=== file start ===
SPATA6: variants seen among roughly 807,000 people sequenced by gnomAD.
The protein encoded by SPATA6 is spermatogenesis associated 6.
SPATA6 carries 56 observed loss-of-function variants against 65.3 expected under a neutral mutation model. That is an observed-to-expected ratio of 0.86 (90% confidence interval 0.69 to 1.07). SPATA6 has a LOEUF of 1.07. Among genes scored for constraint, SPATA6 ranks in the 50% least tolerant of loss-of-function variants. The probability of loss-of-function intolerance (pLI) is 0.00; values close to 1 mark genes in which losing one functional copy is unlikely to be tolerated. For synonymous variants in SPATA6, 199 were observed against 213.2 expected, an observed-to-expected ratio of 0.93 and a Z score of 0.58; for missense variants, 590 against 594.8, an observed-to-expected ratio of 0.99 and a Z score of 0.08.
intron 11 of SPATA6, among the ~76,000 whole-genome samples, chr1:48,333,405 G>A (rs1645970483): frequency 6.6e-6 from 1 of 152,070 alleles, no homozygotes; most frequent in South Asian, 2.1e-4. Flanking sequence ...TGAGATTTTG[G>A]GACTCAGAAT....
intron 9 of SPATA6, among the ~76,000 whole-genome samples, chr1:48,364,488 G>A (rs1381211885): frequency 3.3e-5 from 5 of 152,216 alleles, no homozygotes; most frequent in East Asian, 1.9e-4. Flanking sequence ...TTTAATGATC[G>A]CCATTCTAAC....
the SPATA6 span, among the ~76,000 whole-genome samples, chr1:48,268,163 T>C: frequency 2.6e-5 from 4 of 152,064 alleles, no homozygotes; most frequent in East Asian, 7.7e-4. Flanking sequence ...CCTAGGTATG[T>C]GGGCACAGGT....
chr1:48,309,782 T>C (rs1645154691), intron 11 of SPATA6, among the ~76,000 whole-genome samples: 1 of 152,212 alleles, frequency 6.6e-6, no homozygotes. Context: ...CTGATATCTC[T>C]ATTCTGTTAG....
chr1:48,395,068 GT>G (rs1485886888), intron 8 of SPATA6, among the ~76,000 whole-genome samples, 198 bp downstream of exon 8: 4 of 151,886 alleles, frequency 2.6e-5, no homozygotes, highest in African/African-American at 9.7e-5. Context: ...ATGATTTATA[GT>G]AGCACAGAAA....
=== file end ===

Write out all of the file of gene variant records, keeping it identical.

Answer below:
SPATA6: variants seen among roughly 807,000 people sequenced by gnomAD.
The protein encoded by SPATA6 is spermatogenesis associated 6.
SPATA6 carries 56 observed loss-of-function variants against 65.3 expected under a neutral mutation model. That is an observed-to-expected ratio of 0.86 (90% confidence interval 0.69 to 1.07). SPATA6 has a LOEUF of 1.07. Among genes scored for constraint, SPATA6 ranks in the 50% least tolerant of loss-of-function variants. The probability of loss-of-function intolerance (pLI) is 0.00; values close to 1 mark genes in which losing one functional copy is unlikely to be tolerated. For synonymous variants in SPATA6, 199 were observed against 213.2 expected, an observed-to-expected ratio of 0.93 and a Z score of 0.58; for missense variants, 590 against 594.8, an observed-to-expected ratio of 0.99 and a Z score of 0.08.
intron 11 of SPATA6, among the ~76,000 whole-genome samples, chr1:48,333,405 G>A (rs1645970483): frequency 6.6e-6 from 1 of 152,070 alleles, no homozygotes; most frequent in South Asian, 2.1e-4. Flanking sequence ...TGAGATTTTG[G>A]GACTCAGAAT....
intron 9 of SPATA6, among the ~76,000 whole-genome samples, chr1:48,364,488 G>A (rs1381211885): frequency 3.3e-5 from 5 of 152,216 alleles, no homozygotes; most frequent in East Asian, 1.9e-4. Flanking sequence ...TTTAATGATC[G>A]CCATTCTAAC....
the SPATA6 span, among the ~76,000 whole-genome samples, chr1:48,268,163 T>C: frequency 2.6e-5 from 4 of 152,064 alleles, no homozygotes; most frequent in East Asian, 7.7e-4. Flanking sequence ...CCTAGGTATG[T>C]GGGCACAGGT....
chr1:48,309,782 T>C (rs1645154691), intron 11 of SPATA6, among the ~76,000 whole-genome samples: 1 of 152,212 alleles, frequency 6.6e-6, no homozygotes. Context: ...CTGATATCTC[T>C]ATTCTGTTAG....
chr1:48,395,068 GT>G (rs1485886888), intron 8 of SPATA6, among the ~76,000 whole-genome samples, 198 bp downstream of exon 8: 4 of 151,886 alleles, frequency 2.6e-5, no homozygotes, highest in African/African-American at 9.7e-5. Context: ...ATGATTTATA[GT>G]AGCACAGAAA....